The pig model was also used to explore the potential of a collagen-based scaffold in a study focusing also on findings obtained in the dog model, thus results will be reported in the following relative paragraph [12].

Sheep Model

Eight papers investigated the results of meniscal scaffolds in the sheep model.

Martinek et al. [13] tested a collagen scaffold with and without autologous chondrocytes (previously cultured in vitro). At 3 months’ histological examination enhanced vascularization, accelerated scaffold re-modeling, higher content of extra-cellular matrix and lower cell number were noted in the pre-seeded menisci in comparison with non-seeded controls.

Chiari et al. [14] used a hyaluronic acid/polycaprolactone meniscal substitute to treat 8 sheep, where the scaffold was used to fill either partial or complete meniscectomies. The implants tested were mechanically stable and showed excellent tissue ingrowth to the capsule. Tissue integration was also observed between the original meniscus and the implant. The histological investigation revealed tissue formation, cellular infiltration and vascularization. After these promising findings, further studies were conducted with the same scaffold. In particular Kon et al. [15] tested the scaffold, in 24 sheep, with or without autologous chondrocyte seeding. In the same trial, also two different fixation techniques were compared: in one case the scaffold was just sutured to the capsule and meniscal ligament, whereas in the other case a trans-tibial fixation of both horns was added. At 6 months’ evaluation, excellent capsular ingrowth was present in all the implants tested; in terms of fibrocartilage formation the addition of autologous chondrocyte proved to be beneficial, whereas better implant appearance and integrity were documented without trans-tibial fixation [15]. In a later study with evaluation performed up to 12 months [16], it was confirmed that seeding the scaffold with autologous chondrocytes increases tissue regeneration capacity, providing a better fibrocartilaginous tissue formation with respect to cell-free scaffold. Authors also revealed that osteoarthritic changes over time were significantly less in the cell-seeded group than in the meniscectomy controls, even though results were not significantly different between cell-seeded and cell-free scaffold [16], thus suggesting that the chondroprotective effect is not directly influenced by cellular addition.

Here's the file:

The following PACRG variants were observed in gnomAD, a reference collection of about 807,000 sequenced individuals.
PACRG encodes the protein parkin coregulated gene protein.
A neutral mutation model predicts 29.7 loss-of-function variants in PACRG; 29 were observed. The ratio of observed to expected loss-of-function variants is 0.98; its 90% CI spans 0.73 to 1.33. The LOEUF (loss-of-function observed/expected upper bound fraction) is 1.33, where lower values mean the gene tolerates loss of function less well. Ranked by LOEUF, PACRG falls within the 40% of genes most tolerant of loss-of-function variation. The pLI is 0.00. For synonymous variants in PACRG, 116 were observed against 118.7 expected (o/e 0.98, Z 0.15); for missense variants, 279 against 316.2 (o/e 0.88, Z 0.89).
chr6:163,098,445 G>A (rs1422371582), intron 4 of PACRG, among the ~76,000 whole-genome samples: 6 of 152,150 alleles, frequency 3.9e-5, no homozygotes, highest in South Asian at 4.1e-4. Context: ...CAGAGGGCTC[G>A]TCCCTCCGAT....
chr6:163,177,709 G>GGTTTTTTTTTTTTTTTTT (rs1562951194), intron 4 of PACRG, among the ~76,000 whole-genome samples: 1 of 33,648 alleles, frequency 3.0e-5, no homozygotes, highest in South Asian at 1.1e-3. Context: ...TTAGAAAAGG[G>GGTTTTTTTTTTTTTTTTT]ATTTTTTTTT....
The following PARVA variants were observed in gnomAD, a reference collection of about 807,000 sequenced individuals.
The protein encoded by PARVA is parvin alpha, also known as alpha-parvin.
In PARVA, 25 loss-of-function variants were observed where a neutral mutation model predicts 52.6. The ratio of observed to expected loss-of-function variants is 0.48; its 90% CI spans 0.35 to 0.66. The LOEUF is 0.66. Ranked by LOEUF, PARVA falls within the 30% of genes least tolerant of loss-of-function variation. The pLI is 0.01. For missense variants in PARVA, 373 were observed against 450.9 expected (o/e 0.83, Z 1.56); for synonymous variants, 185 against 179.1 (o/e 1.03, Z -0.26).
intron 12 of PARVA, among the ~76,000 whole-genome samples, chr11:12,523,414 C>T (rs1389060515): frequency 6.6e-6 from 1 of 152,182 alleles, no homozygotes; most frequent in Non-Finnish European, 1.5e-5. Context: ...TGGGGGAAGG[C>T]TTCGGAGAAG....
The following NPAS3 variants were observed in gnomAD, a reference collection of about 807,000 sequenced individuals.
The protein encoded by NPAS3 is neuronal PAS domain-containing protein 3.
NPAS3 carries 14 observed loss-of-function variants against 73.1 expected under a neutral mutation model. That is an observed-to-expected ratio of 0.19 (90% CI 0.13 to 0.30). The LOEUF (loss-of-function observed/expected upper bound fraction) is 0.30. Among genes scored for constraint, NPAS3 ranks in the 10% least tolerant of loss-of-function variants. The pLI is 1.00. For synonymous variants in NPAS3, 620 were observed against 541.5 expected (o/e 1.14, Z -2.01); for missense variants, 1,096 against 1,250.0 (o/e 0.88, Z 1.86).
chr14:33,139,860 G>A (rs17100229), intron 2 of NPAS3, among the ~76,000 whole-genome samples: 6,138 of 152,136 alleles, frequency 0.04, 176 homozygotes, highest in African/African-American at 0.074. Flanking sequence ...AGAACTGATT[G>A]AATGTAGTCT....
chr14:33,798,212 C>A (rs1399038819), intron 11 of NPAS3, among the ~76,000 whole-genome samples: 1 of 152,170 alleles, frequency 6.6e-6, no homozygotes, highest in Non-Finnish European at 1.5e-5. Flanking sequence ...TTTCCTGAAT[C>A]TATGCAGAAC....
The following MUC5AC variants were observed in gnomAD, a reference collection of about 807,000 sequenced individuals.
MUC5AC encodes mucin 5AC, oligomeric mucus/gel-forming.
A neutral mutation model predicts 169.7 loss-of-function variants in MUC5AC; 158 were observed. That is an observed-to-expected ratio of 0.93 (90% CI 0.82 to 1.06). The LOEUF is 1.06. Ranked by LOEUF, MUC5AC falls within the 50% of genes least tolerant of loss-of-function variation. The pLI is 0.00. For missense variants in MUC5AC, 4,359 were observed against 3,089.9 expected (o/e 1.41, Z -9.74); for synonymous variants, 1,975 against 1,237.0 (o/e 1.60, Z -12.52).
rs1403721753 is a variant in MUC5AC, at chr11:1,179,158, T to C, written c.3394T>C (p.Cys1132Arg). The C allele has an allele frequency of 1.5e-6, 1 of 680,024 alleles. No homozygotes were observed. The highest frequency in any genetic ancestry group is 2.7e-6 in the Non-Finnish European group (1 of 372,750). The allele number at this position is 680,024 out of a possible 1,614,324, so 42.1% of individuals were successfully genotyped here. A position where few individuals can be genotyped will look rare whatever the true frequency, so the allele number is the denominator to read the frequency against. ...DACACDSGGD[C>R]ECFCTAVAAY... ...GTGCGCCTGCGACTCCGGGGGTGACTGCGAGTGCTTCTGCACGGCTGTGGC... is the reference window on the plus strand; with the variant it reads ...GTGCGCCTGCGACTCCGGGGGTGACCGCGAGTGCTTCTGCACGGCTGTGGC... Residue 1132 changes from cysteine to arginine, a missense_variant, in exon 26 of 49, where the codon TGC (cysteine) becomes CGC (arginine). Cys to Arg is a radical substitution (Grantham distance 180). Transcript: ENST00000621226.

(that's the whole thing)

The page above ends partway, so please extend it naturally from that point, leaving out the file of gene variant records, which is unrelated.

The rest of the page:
Kelly et al. [17] employed, instead, a hydrogel meniscal implant which was compared to three different treatment groups: meniscal allograft transplantation, empty defect, and sham surgery. Overall results were positive for the hydrogel implant at early follow-up (2 and 4 months) but, at the last evaluation at 12 months, significant cartilage degeneration was observed in the compartment and all the implants presented signs of mechanical failures consisting in complete radial tears located in the posterior third of the implant. The outcome of this hydrogel scaffold was significantly lower than that of the meniscal allograft. Maher et al. [18] reported the results after implanting a porous polyurethane scaffold in a partial lateral meniscectomy model: the evaluations performed 12 months post-op. revealed tissue ingrowth within the scaffold without cartilage damage. However, comparison regarding the status of tibial plateau cartilage did not reveal any significant difference between scaffold implanted and control (untreated) group due to the unexpected tissue self-regeneration occurring in the sheep partial meniscectomy model.

The results of a kevlar-reinforced polycarbonate-urethane scaffold were reported by Zur et al. [19], who found that this kind of biomaterial could provide a chondroprotective effect and reduce cartilage degeneration over time: the authors compared the operated knee with the contralateral healthy one at 3 and 6 months’ follow-up and showed no significant difference in cartilage status between treated and control limbs.

Finally, Gruchemberg et al. [20] tested a silk fibroin scaffold and documented the absence of inflammatory response after implantation, a beneficial effect in preventing cartilage degeneration, and also mechanical features of the regenerated tissue comparable to the native meniscus, even if in three cases mobilization of the scaffold occurred.

Rabbit Model